Designing fashion
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A minimal silhouette

Minimal silhouette - Olivier Theyskens

Fashion is fickle – no doubt about that! It’s only two days ago that I made a point about how a fashion collection must have a strong and novel silhouette in order to be exciting (read more about that here) that I find myself falling in love with collections with a minimal silhouette that is very straightforward. So how can that be?

Because in fashion there really aren’t any rules, and in the minute you give a guideline of how to make something work, it’s proven that it can be done otherwise. It’s anything but German grammar, where a rule is a rule – no exception. In fashion sometimes it just works, because… yeah, well, it just works.

This can make fashion hard to teach, and it can make it hard to comprehend for outsiders. That’s probably also one of the reasons, why a fashion designer’s finest asset is his or her ability to see the world in a unique way and trust ones own intuition.

A couple of days ago, I got really excited about the latest Olivier Theysken’s collection. As a review said, it really is great to have him back with his own label after a 14-year pause, where he worked for some of the most renowned fashion houses like Rochas, Nina Ricci and Theory. Afterwards, like many other big creative directors, he had to take a break from the fashion frenzy and just reconnect. So in this first collection of his – Oliver Theyskens 2.0 – the silhouette was very straightforward. No surprises, no drama, no novelty, no experimentation actually – just a beautiful, minimal silhouette. Or perhaps actually a lot of experimentation behind the stringent final result.

Olivier Theyskens ss17

People may have a different opinion about the success, or lack of it, but I ‘bought into it’. And I didn’t only buy into it – I loved it! These are big words, but that’s how I felt.

To me, it didn’t feel straightforward in a boring way. It felt straightforward in an honest and authentic way. There was something natural about the work, almost poetry. That can be hard to resist, because this authenticity resonates in a fashion world full of fun, drama, eccentricity and so on. There were hints of couture among the everyday styles, and the girls looked just the right kind of modern with their washed faces, straight hair and minimalistic expression.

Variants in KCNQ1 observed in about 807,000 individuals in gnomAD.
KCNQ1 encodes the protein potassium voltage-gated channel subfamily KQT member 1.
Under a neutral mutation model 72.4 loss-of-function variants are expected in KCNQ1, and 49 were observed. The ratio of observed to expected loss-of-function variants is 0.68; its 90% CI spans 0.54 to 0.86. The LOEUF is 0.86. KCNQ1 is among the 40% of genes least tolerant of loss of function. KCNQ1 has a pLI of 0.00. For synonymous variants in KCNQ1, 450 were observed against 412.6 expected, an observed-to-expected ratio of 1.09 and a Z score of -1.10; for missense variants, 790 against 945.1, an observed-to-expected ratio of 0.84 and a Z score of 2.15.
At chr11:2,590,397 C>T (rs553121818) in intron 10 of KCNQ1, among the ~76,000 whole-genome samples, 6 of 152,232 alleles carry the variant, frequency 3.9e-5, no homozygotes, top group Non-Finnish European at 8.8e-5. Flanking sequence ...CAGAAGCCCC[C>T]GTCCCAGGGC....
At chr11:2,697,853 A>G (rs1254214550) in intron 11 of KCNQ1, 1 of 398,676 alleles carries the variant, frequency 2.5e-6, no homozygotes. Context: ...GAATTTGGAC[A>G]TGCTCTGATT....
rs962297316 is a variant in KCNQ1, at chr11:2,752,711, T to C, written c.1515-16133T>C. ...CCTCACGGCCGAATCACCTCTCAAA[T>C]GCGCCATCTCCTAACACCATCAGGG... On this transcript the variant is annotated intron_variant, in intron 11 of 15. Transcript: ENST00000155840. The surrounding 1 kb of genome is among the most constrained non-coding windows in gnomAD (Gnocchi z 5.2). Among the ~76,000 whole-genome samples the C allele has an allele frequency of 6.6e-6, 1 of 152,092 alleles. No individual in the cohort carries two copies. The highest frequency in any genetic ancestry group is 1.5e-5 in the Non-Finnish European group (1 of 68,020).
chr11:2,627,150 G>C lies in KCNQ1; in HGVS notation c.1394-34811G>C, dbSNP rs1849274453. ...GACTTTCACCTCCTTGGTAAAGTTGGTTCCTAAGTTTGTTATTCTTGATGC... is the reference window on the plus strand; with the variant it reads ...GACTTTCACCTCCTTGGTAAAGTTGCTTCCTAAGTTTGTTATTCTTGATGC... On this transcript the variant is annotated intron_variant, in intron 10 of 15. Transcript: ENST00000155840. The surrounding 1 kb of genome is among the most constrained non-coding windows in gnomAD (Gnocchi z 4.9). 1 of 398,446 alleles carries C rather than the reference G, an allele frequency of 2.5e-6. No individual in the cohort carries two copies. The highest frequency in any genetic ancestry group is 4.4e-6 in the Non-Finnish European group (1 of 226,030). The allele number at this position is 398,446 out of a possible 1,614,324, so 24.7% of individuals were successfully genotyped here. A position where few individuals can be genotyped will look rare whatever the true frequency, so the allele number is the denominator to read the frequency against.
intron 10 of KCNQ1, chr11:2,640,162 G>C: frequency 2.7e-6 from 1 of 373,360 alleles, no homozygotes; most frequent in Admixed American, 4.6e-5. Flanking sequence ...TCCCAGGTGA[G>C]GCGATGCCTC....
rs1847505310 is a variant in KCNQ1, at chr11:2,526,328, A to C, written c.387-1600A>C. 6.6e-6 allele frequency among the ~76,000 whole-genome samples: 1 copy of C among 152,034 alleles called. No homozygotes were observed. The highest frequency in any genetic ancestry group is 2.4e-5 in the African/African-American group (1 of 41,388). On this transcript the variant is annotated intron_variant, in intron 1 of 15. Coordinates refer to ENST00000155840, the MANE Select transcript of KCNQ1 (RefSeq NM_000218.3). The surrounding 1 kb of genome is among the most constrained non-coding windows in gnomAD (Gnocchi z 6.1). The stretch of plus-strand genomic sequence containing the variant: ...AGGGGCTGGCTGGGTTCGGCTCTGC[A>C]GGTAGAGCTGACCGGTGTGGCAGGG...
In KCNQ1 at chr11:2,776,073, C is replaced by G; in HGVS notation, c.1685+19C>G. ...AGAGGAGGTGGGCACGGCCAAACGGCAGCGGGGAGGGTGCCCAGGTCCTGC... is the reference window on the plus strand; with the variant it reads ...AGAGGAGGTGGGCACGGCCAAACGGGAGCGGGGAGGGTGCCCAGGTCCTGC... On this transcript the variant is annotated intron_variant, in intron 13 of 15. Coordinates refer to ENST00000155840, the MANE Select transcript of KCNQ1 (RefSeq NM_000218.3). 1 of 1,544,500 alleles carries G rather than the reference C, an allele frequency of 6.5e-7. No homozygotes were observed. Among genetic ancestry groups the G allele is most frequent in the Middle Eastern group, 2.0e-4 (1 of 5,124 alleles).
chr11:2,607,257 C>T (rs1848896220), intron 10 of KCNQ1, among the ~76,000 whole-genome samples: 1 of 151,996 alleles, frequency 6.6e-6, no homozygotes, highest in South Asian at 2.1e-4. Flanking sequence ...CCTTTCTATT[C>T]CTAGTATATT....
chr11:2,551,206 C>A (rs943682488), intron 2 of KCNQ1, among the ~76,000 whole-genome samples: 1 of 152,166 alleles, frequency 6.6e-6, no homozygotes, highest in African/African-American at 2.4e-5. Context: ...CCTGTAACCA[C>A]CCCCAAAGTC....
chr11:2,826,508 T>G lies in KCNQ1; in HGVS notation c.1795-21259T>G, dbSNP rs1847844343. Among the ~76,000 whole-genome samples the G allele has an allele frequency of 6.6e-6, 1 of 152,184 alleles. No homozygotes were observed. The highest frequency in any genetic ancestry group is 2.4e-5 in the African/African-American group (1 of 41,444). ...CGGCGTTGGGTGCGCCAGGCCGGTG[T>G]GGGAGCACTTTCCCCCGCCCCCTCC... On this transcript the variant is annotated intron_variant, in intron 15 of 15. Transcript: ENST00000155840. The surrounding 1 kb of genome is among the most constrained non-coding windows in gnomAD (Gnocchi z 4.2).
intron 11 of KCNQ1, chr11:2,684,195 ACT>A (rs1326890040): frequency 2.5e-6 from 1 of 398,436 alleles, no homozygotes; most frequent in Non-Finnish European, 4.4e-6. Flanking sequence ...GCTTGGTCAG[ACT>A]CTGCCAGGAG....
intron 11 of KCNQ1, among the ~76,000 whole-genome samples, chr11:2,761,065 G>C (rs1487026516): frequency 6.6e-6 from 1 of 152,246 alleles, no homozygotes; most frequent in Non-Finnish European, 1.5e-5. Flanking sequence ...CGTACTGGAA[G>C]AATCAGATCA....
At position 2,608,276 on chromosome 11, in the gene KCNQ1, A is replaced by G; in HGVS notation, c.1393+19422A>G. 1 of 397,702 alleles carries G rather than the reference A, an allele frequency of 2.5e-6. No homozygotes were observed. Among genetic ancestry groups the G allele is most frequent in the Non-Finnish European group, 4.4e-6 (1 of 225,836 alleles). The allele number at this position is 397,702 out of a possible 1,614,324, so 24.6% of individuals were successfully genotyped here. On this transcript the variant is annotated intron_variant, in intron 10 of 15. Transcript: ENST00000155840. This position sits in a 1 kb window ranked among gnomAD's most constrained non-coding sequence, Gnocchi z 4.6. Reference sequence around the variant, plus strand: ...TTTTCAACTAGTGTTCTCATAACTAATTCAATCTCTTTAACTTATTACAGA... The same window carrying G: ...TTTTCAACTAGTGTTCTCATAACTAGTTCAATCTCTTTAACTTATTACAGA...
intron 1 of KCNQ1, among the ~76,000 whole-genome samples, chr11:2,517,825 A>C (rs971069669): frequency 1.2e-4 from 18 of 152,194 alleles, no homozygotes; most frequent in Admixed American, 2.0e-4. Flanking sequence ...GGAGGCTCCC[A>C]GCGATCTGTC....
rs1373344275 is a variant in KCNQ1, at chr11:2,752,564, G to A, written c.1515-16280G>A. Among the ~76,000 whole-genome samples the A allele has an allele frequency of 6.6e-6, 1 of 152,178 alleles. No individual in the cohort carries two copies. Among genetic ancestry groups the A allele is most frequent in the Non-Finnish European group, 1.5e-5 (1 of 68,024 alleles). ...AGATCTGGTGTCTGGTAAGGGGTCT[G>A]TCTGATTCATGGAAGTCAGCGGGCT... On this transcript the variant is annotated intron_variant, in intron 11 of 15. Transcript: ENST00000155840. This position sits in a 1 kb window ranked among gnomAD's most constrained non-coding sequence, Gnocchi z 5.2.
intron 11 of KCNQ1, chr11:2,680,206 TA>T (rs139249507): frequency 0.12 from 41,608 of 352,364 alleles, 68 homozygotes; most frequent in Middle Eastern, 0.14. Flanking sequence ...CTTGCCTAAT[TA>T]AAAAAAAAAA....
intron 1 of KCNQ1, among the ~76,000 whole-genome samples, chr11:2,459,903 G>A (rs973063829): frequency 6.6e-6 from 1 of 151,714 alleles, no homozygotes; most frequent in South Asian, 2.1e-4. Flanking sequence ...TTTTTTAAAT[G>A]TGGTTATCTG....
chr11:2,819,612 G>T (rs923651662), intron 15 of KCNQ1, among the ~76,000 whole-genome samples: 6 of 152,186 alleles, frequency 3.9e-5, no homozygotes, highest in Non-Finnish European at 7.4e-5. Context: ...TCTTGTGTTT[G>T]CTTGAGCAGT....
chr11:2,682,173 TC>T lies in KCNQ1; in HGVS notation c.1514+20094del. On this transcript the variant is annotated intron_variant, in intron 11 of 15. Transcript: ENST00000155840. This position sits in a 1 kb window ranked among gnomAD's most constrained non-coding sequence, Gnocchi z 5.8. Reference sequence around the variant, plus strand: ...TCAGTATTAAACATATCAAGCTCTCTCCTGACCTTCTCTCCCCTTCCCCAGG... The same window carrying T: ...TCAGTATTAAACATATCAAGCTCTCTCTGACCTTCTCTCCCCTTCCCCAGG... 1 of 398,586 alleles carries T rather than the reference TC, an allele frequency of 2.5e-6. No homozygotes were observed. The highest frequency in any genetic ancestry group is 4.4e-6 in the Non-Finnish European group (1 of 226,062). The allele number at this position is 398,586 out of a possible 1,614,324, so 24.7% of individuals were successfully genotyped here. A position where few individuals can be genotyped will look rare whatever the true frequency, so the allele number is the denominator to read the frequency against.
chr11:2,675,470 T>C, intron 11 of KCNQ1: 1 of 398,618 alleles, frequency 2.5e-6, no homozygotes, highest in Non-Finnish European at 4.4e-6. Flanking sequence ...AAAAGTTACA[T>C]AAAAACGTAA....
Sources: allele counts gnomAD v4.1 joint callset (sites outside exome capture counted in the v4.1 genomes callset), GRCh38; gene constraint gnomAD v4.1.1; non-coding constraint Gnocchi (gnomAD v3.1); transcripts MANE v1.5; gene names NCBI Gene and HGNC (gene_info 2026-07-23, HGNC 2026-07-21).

There were loads of black, which again just felt so right and fresh, as if we had seen the colour for the first time. It was a dark black, but also a subtle black – just the right black.

So, what do we take with us from here? Well, that it can be very hard to put a finger on how to make something work. Making a fashion collection is a complex process with many different elements. It’s a bit like cooking with a number of ingredients; sometimes it’s a rich Indian dish with a zillion spices, and sometimes it’s a simple Italian dish. Both can be equally impactful.

The lack of distraction creates a really strong impact, and the word that comes to mind is minimalism. That has been relevant for decades and continues to be. It’s especially popular with people, who have seen a lot over the years, and who feels like ‘cutting to the bone’ and experiencing essential things. Of course, also minimal varies over time; how it’s interpreted, lived and worn, and this time, Theyskens got it just so right.

Good to have you back!

See the full collection here.

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